For the post-coup government in Honduras, private individual, not collective, property titles are the state's preferred model for secure property rights. Indeed, private individual property arrangements facilitate foreign direct investment in land for tourism development. This means indigenous subsistence production cannot compete with foreign and non-indigenous competitors. More than income, in Honduras, Miskito and Garifuna poverty is illustrated in dwindling control over ancestral lands.
So with Chavez gone, who will now keep poverty on the agenda in Latin America? As a new biography written by Rory Carroll and titled Comandante, Inside Hugo Chavez's Venezuela, promises to illustrate Chavez as a political leader was morally complicated.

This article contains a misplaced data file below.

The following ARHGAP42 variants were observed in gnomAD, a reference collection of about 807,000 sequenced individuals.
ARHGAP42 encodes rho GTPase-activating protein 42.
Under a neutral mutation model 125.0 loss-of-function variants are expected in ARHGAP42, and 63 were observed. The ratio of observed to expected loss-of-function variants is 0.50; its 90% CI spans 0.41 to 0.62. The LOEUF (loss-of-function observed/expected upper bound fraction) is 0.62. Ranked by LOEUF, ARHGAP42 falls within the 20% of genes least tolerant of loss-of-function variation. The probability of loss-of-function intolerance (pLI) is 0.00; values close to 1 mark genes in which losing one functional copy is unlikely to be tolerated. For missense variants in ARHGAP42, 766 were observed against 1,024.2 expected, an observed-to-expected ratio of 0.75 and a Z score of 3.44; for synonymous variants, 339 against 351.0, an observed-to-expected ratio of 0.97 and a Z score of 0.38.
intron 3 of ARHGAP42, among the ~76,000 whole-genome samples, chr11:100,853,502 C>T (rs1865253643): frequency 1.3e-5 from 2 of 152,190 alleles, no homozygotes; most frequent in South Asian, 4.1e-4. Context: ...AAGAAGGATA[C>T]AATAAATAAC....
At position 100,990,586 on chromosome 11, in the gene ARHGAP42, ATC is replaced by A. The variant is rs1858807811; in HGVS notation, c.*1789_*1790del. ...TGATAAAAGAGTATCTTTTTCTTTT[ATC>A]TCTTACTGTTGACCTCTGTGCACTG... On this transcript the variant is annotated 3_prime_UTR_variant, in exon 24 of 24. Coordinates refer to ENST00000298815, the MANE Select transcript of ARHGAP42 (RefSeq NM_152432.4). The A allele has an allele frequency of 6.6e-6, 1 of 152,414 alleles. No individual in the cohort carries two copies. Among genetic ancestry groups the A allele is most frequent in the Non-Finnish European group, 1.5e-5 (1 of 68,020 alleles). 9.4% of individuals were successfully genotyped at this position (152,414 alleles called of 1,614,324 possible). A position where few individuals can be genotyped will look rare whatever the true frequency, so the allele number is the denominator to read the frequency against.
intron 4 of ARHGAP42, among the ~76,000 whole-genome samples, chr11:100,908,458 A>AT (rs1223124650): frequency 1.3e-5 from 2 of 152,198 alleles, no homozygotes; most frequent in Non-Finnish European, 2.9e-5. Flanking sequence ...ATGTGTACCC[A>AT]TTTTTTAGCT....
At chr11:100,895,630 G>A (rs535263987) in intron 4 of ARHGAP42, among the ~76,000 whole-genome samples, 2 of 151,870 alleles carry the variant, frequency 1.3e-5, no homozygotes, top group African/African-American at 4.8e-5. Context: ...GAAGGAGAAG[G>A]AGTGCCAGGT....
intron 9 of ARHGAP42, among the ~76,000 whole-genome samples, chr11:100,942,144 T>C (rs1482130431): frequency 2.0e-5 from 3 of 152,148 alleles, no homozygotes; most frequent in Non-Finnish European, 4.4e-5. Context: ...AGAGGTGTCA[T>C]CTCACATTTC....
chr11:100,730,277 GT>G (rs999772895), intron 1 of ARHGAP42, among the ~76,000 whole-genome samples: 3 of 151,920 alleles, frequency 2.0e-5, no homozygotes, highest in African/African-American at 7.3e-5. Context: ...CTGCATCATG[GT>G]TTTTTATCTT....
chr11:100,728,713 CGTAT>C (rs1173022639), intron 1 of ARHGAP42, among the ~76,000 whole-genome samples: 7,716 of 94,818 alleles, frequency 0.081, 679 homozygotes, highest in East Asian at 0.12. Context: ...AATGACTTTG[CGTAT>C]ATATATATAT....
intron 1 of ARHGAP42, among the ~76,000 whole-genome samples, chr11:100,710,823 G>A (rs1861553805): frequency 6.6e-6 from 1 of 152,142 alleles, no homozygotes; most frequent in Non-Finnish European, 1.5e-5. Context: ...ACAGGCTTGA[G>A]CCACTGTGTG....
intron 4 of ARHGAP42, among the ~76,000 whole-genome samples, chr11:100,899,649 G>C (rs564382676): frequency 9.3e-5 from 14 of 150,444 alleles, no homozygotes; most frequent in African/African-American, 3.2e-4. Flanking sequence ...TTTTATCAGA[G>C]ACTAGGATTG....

Indeed, he was responsible for redistributing immense amounts of oil wealth not simply for the benefit of poor Venezuelans, but also gifted oil to poor Americans. At the same time, his authoritarianism and human rights violations against journalists and dissenters made it impossible for good and moral onlookers to support him, regardless of our empathy for the poor.
However, it would be a mistake to dismiss Chavez for his contradictions. In a similar way, many on the left would prefer US President Obama to do more to address poverty and mass incarceration of African American men, and yet many still support him in spite of these contradictions.
Hugo Chavez is dead. Now, who has the courage to take his place?
Sharlene Mollett is an assistant professor of geography at Dartmouth College and an OpEd Project Public Voices Fellow.
The views expressed in this article are the author's own and do not necessarily reflect Al Jazeera's editorial policy.